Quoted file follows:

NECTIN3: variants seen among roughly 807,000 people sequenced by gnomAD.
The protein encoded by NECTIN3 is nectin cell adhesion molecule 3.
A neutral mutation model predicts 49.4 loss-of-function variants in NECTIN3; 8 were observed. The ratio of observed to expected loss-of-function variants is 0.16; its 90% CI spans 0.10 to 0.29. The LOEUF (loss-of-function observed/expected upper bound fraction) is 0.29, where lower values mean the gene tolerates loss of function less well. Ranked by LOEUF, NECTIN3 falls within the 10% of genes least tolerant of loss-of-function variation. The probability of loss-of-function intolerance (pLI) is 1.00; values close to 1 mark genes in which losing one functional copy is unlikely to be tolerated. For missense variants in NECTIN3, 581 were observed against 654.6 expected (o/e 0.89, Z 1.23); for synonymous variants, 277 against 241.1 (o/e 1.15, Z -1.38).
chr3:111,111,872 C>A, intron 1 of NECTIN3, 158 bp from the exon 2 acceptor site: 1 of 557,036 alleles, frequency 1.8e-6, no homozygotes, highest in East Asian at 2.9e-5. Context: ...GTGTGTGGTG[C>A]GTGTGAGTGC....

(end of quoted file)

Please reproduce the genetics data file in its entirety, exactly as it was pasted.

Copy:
NECTIN3: variants seen among roughly 807,000 people sequenced by gnomAD.
The protein encoded by NECTIN3 is nectin cell adhesion molecule 3.
A neutral mutation model predicts 49.4 loss-of-function variants in NECTIN3; 8 were observed. The ratio of observed to expected loss-of-function variants is 0.16; its 90% CI spans 0.10 to 0.29. The LOEUF (loss-of-function observed/expected upper bound fraction) is 0.29, where lower values mean the gene tolerates loss of function less well. Ranked by LOEUF, NECTIN3 falls within the 10% of genes least tolerant of loss-of-function variation. The probability of loss-of-function intolerance (pLI) is 1.00; values close to 1 mark genes in which losing one functional copy is unlikely to be tolerated. For missense variants in NECTIN3, 581 were observed against 654.6 expected (o/e 0.89, Z 1.23); for synonymous variants, 277 against 241.1 (o/e 1.15, Z -1.38).
chr3:111,111,872 C>A, intron 1 of NECTIN3, 158 bp from the exon 2 acceptor site: 1 of 557,036 alleles, frequency 1.8e-6, no homozygotes, highest in East Asian at 2.9e-5. Context: ...GTGTGTGGTG[C>A]GTGTGAGTGC....